None of this helps the U.S. position in Iraq. A much more honorable course of action would be to admit command culpability at the highest echelon and to take steps to make transparent and verifiable changes in the protocol for handling military detainees. A best-case solution would be to completely eliminate U.S. military jurisdiction over any persons apprehended in Iraq and turn over control of detention centers to entirely to the U.N. This solution – or something like it, would deprive CENTCOM of the ability to gather battlefield intelligence as effectively as is now possible. However in the long run, this disadvantage would be considerably offset by decreased tensions between US troops and Iraqis – although at this juncture, the situation may be too far gone to remedy.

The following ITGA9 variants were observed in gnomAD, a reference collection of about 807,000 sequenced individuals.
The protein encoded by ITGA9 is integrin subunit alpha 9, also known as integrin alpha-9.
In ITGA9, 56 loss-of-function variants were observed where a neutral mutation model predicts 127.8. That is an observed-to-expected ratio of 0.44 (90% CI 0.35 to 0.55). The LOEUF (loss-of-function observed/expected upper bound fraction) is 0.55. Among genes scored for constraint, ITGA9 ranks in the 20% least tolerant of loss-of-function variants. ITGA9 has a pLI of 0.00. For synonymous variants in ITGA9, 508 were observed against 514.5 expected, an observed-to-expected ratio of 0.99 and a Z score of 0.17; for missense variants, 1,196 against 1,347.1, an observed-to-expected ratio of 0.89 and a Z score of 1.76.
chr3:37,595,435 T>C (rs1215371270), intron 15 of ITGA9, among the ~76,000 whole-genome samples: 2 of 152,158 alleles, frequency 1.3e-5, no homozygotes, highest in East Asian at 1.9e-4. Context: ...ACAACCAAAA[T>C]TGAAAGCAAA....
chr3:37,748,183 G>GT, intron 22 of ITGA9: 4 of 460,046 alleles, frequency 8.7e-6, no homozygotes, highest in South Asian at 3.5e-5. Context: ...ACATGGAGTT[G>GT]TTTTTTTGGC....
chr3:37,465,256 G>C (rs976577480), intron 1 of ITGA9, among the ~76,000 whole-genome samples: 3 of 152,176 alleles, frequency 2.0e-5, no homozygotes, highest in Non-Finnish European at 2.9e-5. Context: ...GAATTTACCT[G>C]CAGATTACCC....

Dr. David Haines is a biomedical scientist and former military chemical warfare specialist,investigating war-linked disease among U.S. veterans, Kuwaitis and Iranians in cooperation with Janbazan Medical and Engineering Research Center (JMERC He served as a U.S. Army officer during the 1991 Persian Gulf War